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Better tenants, better properties, better rents

Better tenants, better properties, better rental rate


There’s a new type of tenant in the Auckland market today – someone who has the money to buy but chooses not to.

These cashed up “home owners in waiting” have sold properties in the last two years, but are waiting for the market to settle down before they buy a new home, helping absorb some of the oversupply of higher end rental properties.

Bayleys’ property management team has bucked the trend of flat-lining rental rates in Auckland, with their average weekly rent rolls increasing over the year due to better quality properties and tenants, many of whom can easily afford to buy.

The average rental rate Bayleys property managers obtain for their landlords has risen by 5% between September 2007 and September 2008, says Bayleys property services general manager Nick Ansley.

This is in spite of the median rent level in Auckland holding steady over the year to August 2008 at $350 per week, according to the most recent Massey University NZ Residential Rental Market Report.

Nick Ansley says rental rates generally have suffered from an oversupply of rental properties, especially at the high end of the market where Bayleys does most of its business. Consequently, Bayleys decided last year to concentrate its rental management portfolio on the higher quality, better maintained properties.

The strategy is helping attract discerning and more affluent tenants, such as people who recently sold a home either here or overseas, and who want a high standard of accommodation.

“We have targeted our growth towards a better quality property, which brings in a better tenant and a higher rental rate, and that’s been reflected in an increase in the average weekly rent of our portfolio,” Mr Ansley says.

“We are seeing quite a few new tenants who are cashed up from selling a property in the last year or two. This category represents about 20% percent of our tenants now, as indicated on their application forms, compared to very few two years ago.

“We also have noted a significant increase in the number of ex-pat New Zealanders who have returned home and are choosing to rent for the short term. Many of these people are renting quality family homes in the upper price bracket,” Mr Ansley says.

Director of Massey University’s Real Estate Analysis Unit, Professor Bob Hargreaves, says that as overall home ownership has decreased in Auckland, the overall quality of rental housing improves, which can lead to rising rents over time due to better stock.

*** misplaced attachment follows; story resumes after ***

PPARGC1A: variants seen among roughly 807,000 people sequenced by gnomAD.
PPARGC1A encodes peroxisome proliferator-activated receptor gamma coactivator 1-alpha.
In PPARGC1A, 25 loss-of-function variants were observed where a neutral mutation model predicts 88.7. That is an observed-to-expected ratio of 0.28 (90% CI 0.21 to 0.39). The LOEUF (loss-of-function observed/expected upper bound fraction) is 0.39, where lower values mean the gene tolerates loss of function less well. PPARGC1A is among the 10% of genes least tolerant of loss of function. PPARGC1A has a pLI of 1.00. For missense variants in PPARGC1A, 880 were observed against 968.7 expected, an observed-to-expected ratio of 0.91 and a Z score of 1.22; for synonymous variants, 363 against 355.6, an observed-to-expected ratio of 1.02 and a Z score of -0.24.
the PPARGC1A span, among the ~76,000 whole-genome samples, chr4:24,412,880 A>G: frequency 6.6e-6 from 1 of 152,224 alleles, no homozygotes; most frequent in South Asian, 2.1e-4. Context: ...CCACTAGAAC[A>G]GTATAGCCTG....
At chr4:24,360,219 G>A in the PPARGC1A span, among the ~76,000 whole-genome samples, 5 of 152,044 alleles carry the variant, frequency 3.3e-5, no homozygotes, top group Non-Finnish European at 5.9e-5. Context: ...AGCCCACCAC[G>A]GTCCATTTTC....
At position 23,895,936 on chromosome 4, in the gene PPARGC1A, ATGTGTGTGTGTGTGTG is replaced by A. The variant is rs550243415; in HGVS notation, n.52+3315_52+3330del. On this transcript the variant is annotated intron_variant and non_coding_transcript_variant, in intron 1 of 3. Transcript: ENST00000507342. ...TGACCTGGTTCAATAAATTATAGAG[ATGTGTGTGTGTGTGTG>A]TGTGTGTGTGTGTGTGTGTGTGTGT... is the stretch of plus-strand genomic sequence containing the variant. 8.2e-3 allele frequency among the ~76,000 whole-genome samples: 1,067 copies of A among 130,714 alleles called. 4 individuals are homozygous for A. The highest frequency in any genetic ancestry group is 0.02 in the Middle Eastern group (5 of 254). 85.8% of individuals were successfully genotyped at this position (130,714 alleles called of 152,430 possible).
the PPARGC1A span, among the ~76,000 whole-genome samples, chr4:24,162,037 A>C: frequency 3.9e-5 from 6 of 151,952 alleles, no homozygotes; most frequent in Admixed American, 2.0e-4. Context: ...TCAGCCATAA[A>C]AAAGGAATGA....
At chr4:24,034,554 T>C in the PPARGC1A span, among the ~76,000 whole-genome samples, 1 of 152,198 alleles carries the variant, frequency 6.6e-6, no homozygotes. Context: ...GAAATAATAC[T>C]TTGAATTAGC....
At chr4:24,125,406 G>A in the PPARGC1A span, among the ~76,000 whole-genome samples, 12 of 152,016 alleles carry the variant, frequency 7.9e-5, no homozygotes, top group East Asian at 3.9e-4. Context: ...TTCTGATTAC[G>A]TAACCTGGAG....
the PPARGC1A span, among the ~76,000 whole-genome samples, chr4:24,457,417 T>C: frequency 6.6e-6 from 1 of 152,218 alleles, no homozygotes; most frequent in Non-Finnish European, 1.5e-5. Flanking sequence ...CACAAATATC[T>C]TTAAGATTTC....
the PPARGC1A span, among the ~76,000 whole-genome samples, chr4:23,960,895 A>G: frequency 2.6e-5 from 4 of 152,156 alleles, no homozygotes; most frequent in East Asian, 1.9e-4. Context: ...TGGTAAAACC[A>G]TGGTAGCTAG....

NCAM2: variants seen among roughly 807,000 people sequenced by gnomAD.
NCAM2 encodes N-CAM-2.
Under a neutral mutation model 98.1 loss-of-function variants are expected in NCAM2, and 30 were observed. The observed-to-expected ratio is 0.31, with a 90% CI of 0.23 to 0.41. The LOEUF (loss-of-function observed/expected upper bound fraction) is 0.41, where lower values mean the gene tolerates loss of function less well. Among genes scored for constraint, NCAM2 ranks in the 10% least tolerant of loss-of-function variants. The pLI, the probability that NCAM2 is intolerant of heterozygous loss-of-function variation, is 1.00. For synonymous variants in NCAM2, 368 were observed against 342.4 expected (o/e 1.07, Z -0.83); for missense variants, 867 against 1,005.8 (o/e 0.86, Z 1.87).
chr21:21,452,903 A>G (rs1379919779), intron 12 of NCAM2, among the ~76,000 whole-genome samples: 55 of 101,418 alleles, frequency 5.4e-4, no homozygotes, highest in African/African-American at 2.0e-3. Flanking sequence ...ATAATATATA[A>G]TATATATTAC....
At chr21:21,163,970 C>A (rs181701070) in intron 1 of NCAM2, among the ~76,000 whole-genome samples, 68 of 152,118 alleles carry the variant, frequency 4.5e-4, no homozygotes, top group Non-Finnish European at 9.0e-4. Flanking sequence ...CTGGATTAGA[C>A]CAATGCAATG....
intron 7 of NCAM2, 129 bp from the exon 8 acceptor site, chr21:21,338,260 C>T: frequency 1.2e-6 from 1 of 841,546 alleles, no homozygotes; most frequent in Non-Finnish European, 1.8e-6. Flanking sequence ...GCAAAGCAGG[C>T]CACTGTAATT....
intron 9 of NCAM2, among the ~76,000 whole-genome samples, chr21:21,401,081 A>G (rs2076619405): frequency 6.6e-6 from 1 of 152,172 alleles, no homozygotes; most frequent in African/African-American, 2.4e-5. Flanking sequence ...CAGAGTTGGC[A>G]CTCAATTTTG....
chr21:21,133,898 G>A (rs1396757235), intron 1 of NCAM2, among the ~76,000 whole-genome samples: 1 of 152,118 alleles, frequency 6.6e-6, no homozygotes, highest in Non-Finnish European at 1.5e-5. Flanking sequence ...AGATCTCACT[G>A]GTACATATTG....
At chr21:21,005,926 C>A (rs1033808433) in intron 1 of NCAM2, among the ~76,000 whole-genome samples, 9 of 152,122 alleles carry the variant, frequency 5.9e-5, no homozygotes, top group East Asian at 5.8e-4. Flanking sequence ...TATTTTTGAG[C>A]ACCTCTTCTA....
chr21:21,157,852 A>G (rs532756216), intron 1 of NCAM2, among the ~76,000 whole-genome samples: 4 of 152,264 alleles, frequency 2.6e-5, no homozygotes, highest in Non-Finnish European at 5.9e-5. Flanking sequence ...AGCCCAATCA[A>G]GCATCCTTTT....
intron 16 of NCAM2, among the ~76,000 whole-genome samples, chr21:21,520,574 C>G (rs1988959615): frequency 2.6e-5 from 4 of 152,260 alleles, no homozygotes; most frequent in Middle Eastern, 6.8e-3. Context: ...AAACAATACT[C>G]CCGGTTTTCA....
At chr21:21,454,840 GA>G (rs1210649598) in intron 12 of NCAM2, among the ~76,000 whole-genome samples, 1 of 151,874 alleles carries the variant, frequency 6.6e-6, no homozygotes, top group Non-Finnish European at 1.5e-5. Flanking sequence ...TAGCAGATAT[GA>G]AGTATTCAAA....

“This is because additions to the rental housing stock are mainly from the conversion of existing owner occupied housing,” Mr Hargreaves says in his September report.

Mr. Ansley adds, “We have definitely seen the trend of an oversupply at the higher end of the rental market, due to an increase in formerly owner-occupied properties being rented out. However, many of these owners do not have to accept low rents.

“They are not so highly leveraged as the investors who have large loans on multiple properties, and they can afford to wait out the market by renting it out for a while.”

Kristy Gillespie, who secures new property managements for Bayleys, says that savvy landlords maximize rental returns by keeping the property in top condition.

“A quality property that is more likely to attract higher rents and better tenants is well maintained and up to date. I have advised owners to take their rental properties off the market and renovate them if they are not up to standard,” she says.

Educating owners on capitalising appropriately is also important.

“We’ve had landlords who want to repaint inside and out even though the property does not need it. Another landlord gave her tenants a new kitchen with marble bench tops, when all they had asked for was new window coverings. We don’t recommend overcapitalising,” she says.

Mrs. Gillespie says rents on some properties have fallen, while others have risen.

“At this time we are seeing a lot of conflicting evidence in the market. A lot of factors effect rental rates, including condition of the property, supply and demand factors, how well the property presents and much more. We really have to see the property to gauge how it will rent,” she says.

“It is important to clearly define the rental price sector before making any bold statements about rental pricing trends. We often see one sector of the market experience the exact opposite trend of another, and two months later the situation reverses.”


Side bar:
Tips for maximizing rental rates without overcapitalizing:

- Keep the colours neutral
- Keep bathrooms and kitchens up to date
- Use harder wearing materials
- Fix any items that affects safety or functionality of the property
- Handle tenant requests for repairs promptly
- Don’t form an emotional attachment to the property. Renovate and maintain to the standard of comparable rentals – not as if it were your own home.
- For a larger investment, add car port or garage, as a tenant’s car can be their most important asset.
- Market the property effectively with good photography and ads that sell the benefits of living there.

ENDS


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